"I wanted to build something of everlasting value."—David Vivero, former vice president of rentals for Zillow

David Vivero recalls a not-too-distant past prior to the Affordable Care Act in which a person with a chronic medical condition, himself included, could be denied health insurance. Things may have changed on that front, but many people still feel regularly dissatisfied with their experience in health care. That prompted Vivero to start a company geared to consumers and patients (most health companies are business-to-business). "I wouldn't say it hit me like an epiphany," he says. "I started with an image of a single page that could be a window into an important health decision, and then it evolved." For Vivero, another motivator came after he became a parent: "Now, having a child, I wanted to build something of everlasting value."

Vivero's startup Amino aims to provide transparency for patients on physician quality and price so they can make more informed decisions. One of the challenges for Vivero has been to convince veteran health technologists that there's a route to make money through consumers, he says. Aware that many companies have tried and failed to improve transparency, some industry experts are skeptical about his chances. "The first movers tend to have arrows in their backs," he explains.

But Vivero is convinced that technologists have a good shot at improving some aspect of the health experience if they stay humble and bring in experienced medical advisers. He says many entrepreneurs fall into the trap of eyeing the multitrillion-dollar opportunity and casting their net too wide without realizing that one sliver of the industry could be worth hundreds of millions. "When you are out there speaking with the bluster of a typical Silicon Valley entrepreneur, try to modulate it," he advises would-be founders. "Start with empathy, and a desire to get it right for each individual user."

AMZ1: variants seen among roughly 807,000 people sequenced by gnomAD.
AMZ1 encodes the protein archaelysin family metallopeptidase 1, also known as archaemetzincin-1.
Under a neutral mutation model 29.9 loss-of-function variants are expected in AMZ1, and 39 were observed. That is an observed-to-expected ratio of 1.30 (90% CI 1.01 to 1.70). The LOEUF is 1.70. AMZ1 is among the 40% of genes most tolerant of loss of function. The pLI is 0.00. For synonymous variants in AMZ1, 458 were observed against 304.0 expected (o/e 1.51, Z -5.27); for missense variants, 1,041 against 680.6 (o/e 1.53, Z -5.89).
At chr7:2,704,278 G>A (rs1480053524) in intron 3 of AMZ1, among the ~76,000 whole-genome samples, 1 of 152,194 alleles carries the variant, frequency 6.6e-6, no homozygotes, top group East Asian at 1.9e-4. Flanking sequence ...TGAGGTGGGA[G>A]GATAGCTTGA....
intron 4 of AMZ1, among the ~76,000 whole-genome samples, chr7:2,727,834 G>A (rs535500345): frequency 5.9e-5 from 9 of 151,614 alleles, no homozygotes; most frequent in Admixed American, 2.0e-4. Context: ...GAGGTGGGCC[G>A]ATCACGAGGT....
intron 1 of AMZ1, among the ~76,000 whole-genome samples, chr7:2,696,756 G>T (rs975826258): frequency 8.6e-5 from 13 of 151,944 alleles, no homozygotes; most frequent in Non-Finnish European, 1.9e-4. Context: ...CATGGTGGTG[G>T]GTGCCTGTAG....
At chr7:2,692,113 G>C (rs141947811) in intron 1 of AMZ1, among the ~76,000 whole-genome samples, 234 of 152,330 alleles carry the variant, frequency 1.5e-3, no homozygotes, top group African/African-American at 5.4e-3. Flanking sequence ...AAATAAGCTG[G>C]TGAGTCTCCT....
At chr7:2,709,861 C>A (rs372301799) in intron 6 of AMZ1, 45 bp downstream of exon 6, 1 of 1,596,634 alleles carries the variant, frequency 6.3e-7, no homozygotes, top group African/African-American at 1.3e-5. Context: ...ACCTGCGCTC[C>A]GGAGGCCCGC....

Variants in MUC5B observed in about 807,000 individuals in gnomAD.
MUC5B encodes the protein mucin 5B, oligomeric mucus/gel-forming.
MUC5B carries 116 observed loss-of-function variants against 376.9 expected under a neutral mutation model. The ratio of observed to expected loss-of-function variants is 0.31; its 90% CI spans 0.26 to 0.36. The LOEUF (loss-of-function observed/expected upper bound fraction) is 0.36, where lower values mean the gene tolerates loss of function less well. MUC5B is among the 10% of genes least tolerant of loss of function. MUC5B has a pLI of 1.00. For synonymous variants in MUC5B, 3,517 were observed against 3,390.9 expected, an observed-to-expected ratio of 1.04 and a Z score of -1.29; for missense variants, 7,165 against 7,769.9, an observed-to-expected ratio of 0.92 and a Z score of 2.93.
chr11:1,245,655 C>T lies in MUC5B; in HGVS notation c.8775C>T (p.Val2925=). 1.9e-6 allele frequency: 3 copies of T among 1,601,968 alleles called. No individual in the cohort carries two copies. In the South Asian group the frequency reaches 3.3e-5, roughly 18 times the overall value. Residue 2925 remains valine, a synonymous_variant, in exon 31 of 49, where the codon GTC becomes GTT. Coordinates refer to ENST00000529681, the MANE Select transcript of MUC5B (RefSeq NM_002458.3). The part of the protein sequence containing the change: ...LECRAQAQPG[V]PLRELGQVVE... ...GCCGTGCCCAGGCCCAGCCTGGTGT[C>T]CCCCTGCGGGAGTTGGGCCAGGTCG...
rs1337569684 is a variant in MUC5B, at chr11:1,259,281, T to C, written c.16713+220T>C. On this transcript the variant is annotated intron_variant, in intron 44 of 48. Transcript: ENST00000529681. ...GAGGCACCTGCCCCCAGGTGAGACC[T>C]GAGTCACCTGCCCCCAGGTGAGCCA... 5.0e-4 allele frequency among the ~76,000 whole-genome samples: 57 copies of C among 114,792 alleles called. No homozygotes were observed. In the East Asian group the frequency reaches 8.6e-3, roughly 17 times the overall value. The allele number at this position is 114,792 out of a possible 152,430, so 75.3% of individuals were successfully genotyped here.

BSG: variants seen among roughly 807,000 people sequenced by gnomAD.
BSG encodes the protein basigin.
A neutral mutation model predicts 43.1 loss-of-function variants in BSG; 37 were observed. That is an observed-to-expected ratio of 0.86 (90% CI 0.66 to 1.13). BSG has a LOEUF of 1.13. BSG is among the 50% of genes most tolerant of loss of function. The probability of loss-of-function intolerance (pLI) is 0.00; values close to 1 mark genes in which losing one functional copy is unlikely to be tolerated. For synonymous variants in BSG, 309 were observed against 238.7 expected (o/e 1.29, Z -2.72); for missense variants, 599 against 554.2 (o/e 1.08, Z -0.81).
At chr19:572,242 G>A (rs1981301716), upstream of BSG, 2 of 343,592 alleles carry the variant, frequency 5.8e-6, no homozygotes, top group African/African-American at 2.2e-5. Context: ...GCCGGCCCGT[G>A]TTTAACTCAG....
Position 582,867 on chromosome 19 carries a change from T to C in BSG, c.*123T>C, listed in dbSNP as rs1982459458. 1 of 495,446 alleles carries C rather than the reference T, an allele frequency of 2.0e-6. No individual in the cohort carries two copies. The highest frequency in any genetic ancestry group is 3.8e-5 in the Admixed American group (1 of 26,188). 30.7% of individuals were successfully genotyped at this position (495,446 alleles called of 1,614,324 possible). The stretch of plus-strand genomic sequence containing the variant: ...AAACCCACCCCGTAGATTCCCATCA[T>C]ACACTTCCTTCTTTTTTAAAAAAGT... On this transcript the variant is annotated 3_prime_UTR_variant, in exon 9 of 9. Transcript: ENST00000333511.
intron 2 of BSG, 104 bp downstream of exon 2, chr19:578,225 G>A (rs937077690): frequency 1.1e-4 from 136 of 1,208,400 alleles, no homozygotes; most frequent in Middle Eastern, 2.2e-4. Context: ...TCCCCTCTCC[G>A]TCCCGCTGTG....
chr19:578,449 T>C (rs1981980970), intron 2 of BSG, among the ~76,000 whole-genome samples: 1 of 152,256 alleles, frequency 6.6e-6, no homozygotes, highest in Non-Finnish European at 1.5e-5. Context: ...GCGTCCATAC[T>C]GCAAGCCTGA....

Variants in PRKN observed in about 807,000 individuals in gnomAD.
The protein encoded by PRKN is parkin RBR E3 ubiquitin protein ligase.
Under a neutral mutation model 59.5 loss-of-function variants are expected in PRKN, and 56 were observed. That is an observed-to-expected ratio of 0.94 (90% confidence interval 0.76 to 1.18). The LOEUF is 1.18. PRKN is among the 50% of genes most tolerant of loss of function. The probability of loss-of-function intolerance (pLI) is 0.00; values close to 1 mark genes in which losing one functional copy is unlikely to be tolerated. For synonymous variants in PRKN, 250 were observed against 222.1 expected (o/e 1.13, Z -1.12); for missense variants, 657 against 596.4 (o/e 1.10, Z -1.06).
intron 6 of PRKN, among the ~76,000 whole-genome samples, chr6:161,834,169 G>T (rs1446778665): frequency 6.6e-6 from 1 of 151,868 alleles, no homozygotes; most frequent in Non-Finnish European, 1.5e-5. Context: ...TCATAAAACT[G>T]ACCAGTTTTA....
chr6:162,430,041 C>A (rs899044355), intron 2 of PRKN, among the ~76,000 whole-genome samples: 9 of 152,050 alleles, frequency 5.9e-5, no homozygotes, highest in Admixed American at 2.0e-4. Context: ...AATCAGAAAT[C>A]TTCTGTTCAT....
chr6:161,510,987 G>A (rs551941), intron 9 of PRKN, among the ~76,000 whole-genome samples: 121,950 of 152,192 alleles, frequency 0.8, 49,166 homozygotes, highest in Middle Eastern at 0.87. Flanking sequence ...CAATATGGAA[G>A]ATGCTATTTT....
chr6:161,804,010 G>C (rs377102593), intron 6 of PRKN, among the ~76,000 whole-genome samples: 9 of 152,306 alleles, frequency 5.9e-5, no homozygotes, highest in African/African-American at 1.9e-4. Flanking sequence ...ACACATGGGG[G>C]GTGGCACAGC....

What Trump Doesn’t Get About Silicon Valley’s H-1B Visas

Aspect's Jennifer Fonstad addresses the impact of President Trump's immigration ban and possible reform of the H-1B visa program on the start-up community.

(Read on Fortune.)


As President Trump signals his intent to severely restrict immigration in the U.S., the technology industry has moved swiftly and vocally to challenge his administration. Just last week, Uber CEO Travis Kalanick resigned from the president’s Economic Advisory Council, after users criticized the ride-sharing company for allegedly exploiting a taxi protest against a temporary immigrant ban and for Kalanick’s relationship with Trump.

Nonetheless, Trump appears unmoved by nationwide protests or any other signs of oppositions against clamping down on immigration, which leads me to wonder what are the risks that America, particularly tech executives, see that Trump does not?